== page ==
For a couple of days it was perfect hedge-planting weather, bright and cold but windless with a crust of frost just thick enough to protect the ground from trampling while thin enough to break easily with a spade. A few inches down, the dark earth looked (relatively) warm and welcoming for the roots of the new plants.  By the third frosty morning the icy crust on the prepared ground was hard and bounced the spade back with a hollow ring.

Rather than adopt the Piglet technique of jumping on the spade, I resorted to the mattock. With this less than delicate implement the frost crust gave easily and the earth underneath was soft and friable but, remembering the gooseberry bushes on my old allotment which never seemed to recover from being planted in holes full of snow,  I took care not to backfill round the roots with frozen clods.

Three days planting sounds like quite a length of hedge but I’ve been working slowly to avoid straining a grumbling knee. (I’m sure I should be able to dig left footed to give the right knee a rest but working the wrong way round makes me feel cack-handed as well as wrong-footed). In fact I’ve only spent a couple of hours a day putting in a total of 60 plants along a 20 meter length. That’s pretty slow progress but the bare-rooted plants had such long, strong roots that together they demanded a continuous planting trench a spit and a half deep.

The new hedge will enclose the first section of garden behind the house, separating it from the veg plots, the orchard and the wild ground beyond.  In forty years of gardening I’ve never planted a beech hedge before so, as I wanted to get this one off to a good start, I duly read up advice on likely looking web sites.  Gardeners’ World suggests planting in a narrow slot trench and trimming off any excess roots.  The Garden Shop recommends a trench 2ft wide and 18″ deep (60x40cm) with a thick layer of well rotted manure in the bottom while Barlow Nurseries advise categorically ‘Do not be tempted to pre-dig or “improve” the soil. Do not add any fertiliser.’  In the end I did it my way, as I would if I’d not bothered to look for advice in the first place, dug a trench that was large enough to accommodate all the roots of the most vigorous plants, forked over the bottom and mixed in a handful of bonemeal for each plant.  I’ve trimmed off the tips of the shoots, to break apical dominance and encourage branching and that’s it for now.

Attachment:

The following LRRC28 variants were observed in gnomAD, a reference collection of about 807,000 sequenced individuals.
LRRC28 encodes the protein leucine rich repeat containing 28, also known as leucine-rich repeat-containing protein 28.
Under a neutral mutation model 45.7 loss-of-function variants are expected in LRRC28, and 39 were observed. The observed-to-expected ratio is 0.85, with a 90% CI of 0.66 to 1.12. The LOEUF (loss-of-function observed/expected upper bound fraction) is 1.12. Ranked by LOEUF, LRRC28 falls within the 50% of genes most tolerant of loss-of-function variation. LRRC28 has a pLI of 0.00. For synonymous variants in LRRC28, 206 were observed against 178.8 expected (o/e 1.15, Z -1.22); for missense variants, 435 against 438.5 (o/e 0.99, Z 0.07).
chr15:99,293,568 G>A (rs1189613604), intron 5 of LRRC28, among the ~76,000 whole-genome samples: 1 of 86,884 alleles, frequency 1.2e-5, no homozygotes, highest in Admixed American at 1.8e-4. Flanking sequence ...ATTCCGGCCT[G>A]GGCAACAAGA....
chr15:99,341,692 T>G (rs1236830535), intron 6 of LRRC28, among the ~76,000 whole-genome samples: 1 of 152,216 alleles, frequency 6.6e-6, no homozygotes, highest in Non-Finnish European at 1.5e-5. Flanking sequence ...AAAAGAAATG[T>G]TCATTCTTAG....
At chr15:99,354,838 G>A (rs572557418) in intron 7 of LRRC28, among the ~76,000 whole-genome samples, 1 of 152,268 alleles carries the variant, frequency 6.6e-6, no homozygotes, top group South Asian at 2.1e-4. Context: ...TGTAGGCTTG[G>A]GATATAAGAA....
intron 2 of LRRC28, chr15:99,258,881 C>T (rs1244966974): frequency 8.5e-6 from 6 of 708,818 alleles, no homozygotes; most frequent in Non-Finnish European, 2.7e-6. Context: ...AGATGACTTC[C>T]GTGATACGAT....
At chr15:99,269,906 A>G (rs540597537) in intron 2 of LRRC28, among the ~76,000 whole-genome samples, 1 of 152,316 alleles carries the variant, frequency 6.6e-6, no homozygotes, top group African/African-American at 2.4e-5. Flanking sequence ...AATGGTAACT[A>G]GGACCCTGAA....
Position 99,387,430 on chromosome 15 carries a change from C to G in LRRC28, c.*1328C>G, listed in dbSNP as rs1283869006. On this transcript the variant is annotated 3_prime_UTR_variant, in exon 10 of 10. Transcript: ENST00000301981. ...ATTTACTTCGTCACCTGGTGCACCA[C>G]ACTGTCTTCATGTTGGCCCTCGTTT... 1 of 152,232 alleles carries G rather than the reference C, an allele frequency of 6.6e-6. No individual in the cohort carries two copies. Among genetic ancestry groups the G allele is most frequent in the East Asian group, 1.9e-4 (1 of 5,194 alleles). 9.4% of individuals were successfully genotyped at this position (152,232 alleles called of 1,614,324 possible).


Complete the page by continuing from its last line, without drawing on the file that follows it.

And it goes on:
I’m not sure how high I’ll let the hedge grow but the intention is to enclose and shelter the garden rather than completely cut off the view.  In exploring grand French gardens I’ve come to appreciate the crisp, formal lines of evergreen box and yew hedges but this hedge will be a softer, more informal boundary.  Beech, like hornbeam, holds on to its autumn leaves through the winter and their gentle russet brown will blend into the landscape more kindly than a dark evergreen line would.  Hornbeam rises to the occasion in formal gardens as a precisely trimmed ‘hedge on legs’, like the Parisian one in headline photo at the Palais Royal.  That’s not quite the effect I’m aiming at here.

With a nod to French formality I have already planted some box in the garden, to be trimmed in due course into balls or domes.  This simple form can look stunning en masse, as here at the Château d’Amboise, but works well as punctuation among drifts of more natural planting too. And if I decide that neatly trimmed balls look too dull or serious I can always turn them into chickens or sheep…